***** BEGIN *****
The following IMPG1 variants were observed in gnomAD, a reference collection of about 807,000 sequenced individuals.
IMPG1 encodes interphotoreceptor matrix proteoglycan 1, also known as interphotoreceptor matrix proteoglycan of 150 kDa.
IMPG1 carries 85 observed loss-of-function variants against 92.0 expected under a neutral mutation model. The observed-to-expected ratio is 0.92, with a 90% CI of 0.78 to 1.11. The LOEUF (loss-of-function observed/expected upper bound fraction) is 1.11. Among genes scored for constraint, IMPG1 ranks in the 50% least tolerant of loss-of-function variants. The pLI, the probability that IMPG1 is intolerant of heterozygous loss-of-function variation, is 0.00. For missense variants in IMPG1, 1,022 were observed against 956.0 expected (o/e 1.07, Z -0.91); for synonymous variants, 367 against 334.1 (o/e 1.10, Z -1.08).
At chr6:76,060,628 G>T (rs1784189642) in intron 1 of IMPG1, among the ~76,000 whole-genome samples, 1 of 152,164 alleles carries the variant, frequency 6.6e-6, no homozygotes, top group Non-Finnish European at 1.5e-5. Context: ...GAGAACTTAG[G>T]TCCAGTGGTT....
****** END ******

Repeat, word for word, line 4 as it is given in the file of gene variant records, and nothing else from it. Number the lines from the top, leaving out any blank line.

At chr6:76,060,628 G>T (rs1784189642) in intron 1 of IMPG1, among the ~76,000 whole-genome samples, 1 of 152,164 alleles carries the variant, frequency 6.6e-6, no homozygotes, top group Non-Finnish European at 1.5e-5. Context: ...GAGAACTTAG[G>T]TCCAGTGGTT....